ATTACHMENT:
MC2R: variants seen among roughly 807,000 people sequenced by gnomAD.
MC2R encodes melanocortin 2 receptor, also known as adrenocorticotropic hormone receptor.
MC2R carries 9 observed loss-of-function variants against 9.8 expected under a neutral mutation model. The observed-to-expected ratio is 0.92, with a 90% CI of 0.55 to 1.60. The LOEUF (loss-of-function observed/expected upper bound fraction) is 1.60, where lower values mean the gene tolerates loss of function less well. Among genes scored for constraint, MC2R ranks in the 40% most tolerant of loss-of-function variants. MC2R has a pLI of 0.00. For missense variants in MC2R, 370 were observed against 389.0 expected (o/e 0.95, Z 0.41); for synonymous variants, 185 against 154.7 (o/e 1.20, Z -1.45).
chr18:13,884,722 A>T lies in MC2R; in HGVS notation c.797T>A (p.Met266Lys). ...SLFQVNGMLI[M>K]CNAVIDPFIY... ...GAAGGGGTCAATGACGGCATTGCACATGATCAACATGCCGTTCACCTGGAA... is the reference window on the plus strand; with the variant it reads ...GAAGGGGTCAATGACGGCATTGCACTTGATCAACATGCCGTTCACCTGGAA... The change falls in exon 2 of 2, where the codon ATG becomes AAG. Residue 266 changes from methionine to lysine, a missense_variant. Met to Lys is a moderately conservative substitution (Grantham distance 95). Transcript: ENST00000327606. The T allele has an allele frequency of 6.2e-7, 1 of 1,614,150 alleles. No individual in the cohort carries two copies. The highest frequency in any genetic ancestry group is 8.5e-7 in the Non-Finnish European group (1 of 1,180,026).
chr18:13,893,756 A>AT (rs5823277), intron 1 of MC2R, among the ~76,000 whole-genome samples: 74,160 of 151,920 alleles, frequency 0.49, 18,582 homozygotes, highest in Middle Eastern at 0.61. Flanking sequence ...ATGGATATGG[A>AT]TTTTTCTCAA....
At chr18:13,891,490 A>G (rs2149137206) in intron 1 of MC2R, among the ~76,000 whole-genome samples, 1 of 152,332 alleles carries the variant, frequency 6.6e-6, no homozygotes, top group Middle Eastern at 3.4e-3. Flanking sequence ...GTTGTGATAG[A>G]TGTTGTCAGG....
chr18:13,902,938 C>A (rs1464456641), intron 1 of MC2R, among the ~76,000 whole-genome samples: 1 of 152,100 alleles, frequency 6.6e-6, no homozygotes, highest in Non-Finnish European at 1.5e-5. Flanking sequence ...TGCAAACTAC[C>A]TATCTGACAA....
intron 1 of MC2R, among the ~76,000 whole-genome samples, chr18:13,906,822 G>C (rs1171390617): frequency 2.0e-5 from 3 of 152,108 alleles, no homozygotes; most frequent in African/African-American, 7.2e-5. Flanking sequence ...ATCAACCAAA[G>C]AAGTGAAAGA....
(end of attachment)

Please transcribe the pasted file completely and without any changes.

MC2R: variants seen among roughly 807,000 people sequenced by gnomAD.
MC2R encodes melanocortin 2 receptor, also known as adrenocorticotropic hormone receptor.
MC2R carries 9 observed loss-of-function variants against 9.8 expected under a neutral mutation model. The observed-to-expected ratio is 0.92, with a 90% CI of 0.55 to 1.60. The LOEUF (loss-of-function observed/expected upper bound fraction) is 1.60, where lower values mean the gene tolerates loss of function less well. Among genes scored for constraint, MC2R ranks in the 40% most tolerant of loss-of-function variants. MC2R has a pLI of 0.00. For missense variants in MC2R, 370 were observed against 389.0 expected (o/e 0.95, Z 0.41); for synonymous variants, 185 against 154.7 (o/e 1.20, Z -1.45).
chr18:13,884,722 A>T lies in MC2R; in HGVS notation c.797T>A (p.Met266Lys). ...SLFQVNGMLI[M>K]CNAVIDPFIY... ...GAAGGGGTCAATGACGGCATTGCACATGATCAACATGCCGTTCACCTGGAA... is the reference window on the plus strand; with the variant it reads ...GAAGGGGTCAATGACGGCATTGCACTTGATCAACATGCCGTTCACCTGGAA... The change falls in exon 2 of 2, where the codon ATG becomes AAG. Residue 266 changes from methionine to lysine, a missense_variant. Met to Lys is a moderately conservative substitution (Grantham distance 95). Transcript: ENST00000327606. The T allele has an allele frequency of 6.2e-7, 1 of 1,614,150 alleles. No individual in the cohort carries two copies. The highest frequency in any genetic ancestry group is 8.5e-7 in the Non-Finnish European group (1 of 1,180,026).
chr18:13,893,756 A>AT (rs5823277), intron 1 of MC2R, among the ~76,000 whole-genome samples: 74,160 of 151,920 alleles, frequency 0.49, 18,582 homozygotes, highest in Middle Eastern at 0.61. Flanking sequence ...ATGGATATGG[A>AT]TTTTTCTCAA....
At chr18:13,891,490 A>G (rs2149137206) in intron 1 of MC2R, among the ~76,000 whole-genome samples, 1 of 152,332 alleles carries the variant, frequency 6.6e-6, no homozygotes, top group Middle Eastern at 3.4e-3. Flanking sequence ...GTTGTGATAG[A>G]TGTTGTCAGG....
chr18:13,902,938 C>A (rs1464456641), intron 1 of MC2R, among the ~76,000 whole-genome samples: 1 of 152,100 alleles, frequency 6.6e-6, no homozygotes, highest in Non-Finnish European at 1.5e-5. Flanking sequence ...TGCAAACTAC[C>A]TATCTGACAA....
intron 1 of MC2R, among the ~76,000 whole-genome samples, chr18:13,906,822 G>C (rs1171390617): frequency 2.0e-5 from 3 of 152,108 alleles, no homozygotes; most frequent in African/African-American, 7.2e-5. Flanking sequence ...ATCAACCAAA[G>C]AAGTGAAAGA....